St. John Chrysostom: A Great Father of Social Doctrine

In his general audience, which was held this morning in St. Peter's Square in the presence of more than 20,000 people, the Pope resumed the catechesis he had begun last week on St. John Chrysostom.

This Father of the Church was appointed as bishop of Constantinople, capital of the eastern Roman empire, in the year 397 and immediately began planning the reform of the Church. said the Pope. "The austerity of the episcopal palace," he added, "had to be an example to everyone." In fact, thanks to his "concern for the poor," the saint "was also known as the 'Alms-giver' and he created a number of highly-regarded charitable institutions."

"As a true pastor, he treated everyone cordially. In particular, he always showed tender concern for women and particular interest in marriage and the family. He invited the faithful to participate in liturgical life, which his creative genius would make particularly splendid and attractive." However "despite his kind heart, because of his continuous dealings with the civil authorities and institutions, he often found himself involved in political questions and intrigues, and was condemned to exile" where he died in the year 407.

"Of St. John Chrysostom it was said," the Pope continued, "that God caused people to see in him another Paul, a Doctor of the Universe. Chrysostom's ideal vision is clearly expressed in his commentary to the first pages of the book of Genesis," in which he meditates upon "the eight works accomplished by God in the sequence of six days." The saint wishes "to lead the faithful back from the creation to the Creator, the God of condescension … Who sends fallen man a letter: Holy Scripture."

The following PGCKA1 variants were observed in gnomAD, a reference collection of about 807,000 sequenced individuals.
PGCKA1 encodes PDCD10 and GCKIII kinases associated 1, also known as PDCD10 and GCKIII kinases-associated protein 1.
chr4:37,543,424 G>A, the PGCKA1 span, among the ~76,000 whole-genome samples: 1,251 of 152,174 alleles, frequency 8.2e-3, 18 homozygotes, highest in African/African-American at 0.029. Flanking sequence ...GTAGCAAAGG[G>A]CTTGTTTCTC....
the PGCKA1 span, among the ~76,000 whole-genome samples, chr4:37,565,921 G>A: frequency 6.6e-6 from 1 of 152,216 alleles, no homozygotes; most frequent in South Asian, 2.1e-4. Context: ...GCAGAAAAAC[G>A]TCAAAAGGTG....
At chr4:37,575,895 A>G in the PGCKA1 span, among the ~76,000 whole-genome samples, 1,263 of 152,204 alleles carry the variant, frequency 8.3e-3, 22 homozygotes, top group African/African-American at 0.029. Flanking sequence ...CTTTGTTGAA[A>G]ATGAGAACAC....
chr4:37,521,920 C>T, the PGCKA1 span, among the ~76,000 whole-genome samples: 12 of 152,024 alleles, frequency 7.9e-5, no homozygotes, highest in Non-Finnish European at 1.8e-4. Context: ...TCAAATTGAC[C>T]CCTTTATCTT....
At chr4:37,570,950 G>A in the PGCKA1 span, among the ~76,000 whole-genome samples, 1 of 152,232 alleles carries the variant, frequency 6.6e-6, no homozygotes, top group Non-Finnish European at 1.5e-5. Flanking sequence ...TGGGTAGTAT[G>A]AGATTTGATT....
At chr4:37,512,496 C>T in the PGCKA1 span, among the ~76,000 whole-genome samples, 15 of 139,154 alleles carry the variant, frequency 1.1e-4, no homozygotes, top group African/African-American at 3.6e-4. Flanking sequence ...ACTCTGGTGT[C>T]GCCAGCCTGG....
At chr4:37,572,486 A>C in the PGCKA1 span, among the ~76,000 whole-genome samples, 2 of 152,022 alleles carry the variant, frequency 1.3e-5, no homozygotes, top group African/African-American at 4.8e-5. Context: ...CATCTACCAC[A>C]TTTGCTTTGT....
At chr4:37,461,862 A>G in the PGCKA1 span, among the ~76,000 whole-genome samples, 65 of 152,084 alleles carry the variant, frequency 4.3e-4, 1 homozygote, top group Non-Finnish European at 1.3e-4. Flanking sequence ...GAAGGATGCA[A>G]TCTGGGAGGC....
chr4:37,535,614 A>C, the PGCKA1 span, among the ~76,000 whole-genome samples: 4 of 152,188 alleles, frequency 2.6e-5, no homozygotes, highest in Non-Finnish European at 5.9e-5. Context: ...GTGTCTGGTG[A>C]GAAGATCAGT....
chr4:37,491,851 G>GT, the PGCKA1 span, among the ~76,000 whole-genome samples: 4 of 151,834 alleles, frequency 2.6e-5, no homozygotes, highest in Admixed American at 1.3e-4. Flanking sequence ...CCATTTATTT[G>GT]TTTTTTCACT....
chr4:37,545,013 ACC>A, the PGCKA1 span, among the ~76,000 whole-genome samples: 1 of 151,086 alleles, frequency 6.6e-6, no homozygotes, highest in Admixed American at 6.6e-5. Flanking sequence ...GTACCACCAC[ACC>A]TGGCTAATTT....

The bishop of Constantinople also refers to God as "tender Father, Doctor of souls, Mother and affectionate Friend." In the end "it is God Who descends towards us, He takes bodily from, dies on the cross, and truly becomes God-with-us, our brother."

"In addition to these three stages — God Who is visible in His creation, God Who writes us a letter, and God Who descends towards us — there is a fourth stage in the life and activity of Christians: the vital and dynamic principle of the Holy Spirit Who transforms the reality of the world. God comes into our lives and transforms us from within."

In his commentary to the Acts of the Apostles, St. John Chrysostom proposes "the model of the early Church as a model for society, creating a social 'utopia' and seeking to give a Christian soul and a Christian aspect to the city. In other words, Chrysostom understood that it was not enough to give alms, to help the poor one case at a time, rather that it was necessary to create a new structure, a new model for society based on the new Testament. For this reason, we may consider him as one of the great Fathers of the Church's social doctrine."

With St. Paul, St. John Chrysostom "supported the primacy of human beings, including slaves and the poor." This contrasted with the structure of the Greek 'polis' where "vast sectors of the population were excluded form the right to citizenship;" in the Christian city, on the other hand, "all are brothers and sisters with the same rights."

At the end of his life St. John Chrysostom returned to the theme of "God's plan for humanity," reaffirming that "God loves each of us with an infinite love, and therefore He wants everyone to be saved."

Subscribe to CE
(It's free)

Go to Catholic Exchange homepage